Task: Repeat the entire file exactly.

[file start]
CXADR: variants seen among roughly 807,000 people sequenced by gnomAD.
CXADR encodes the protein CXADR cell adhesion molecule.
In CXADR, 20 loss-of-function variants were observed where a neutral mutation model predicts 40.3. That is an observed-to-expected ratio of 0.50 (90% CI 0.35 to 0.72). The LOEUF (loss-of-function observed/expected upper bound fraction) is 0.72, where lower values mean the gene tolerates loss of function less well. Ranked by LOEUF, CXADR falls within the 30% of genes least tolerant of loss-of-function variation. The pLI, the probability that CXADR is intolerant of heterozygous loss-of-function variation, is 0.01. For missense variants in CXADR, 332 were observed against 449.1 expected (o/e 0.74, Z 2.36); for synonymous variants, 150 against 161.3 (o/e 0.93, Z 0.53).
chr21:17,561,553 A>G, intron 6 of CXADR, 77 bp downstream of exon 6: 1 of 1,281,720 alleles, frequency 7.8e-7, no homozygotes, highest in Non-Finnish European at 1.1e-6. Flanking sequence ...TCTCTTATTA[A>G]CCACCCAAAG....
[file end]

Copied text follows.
CXADR: variants seen among roughly 807,000 people sequenced by gnomAD.
CXADR encodes the protein CXADR cell adhesion molecule.
In CXADR, 20 loss-of-function variants were observed where a neutral mutation model predicts 40.3. That is an observed-to-expected ratio of 0.50 (90% CI 0.35 to 0.72). The LOEUF (loss-of-function observed/expected upper bound fraction) is 0.72, where lower values mean the gene tolerates loss of function less well. Ranked by LOEUF, CXADR falls within the 30% of genes least tolerant of loss-of-function variation. The pLI, the probability that CXADR is intolerant of heterozygous loss-of-function variation, is 0.01. For missense variants in CXADR, 332 were observed against 449.1 expected (o/e 0.74, Z 2.36); for synonymous variants, 150 against 161.3 (o/e 0.93, Z 0.53).
chr21:17,561,553 A>G, intron 6 of CXADR, 77 bp downstream of exon 6: 1 of 1,281,720 alleles, frequency 7.8e-7, no homozygotes, highest in Non-Finnish European at 1.1e-6. Flanking sequence ...TCTCTTATTA[A>G]CCACCCAAAG....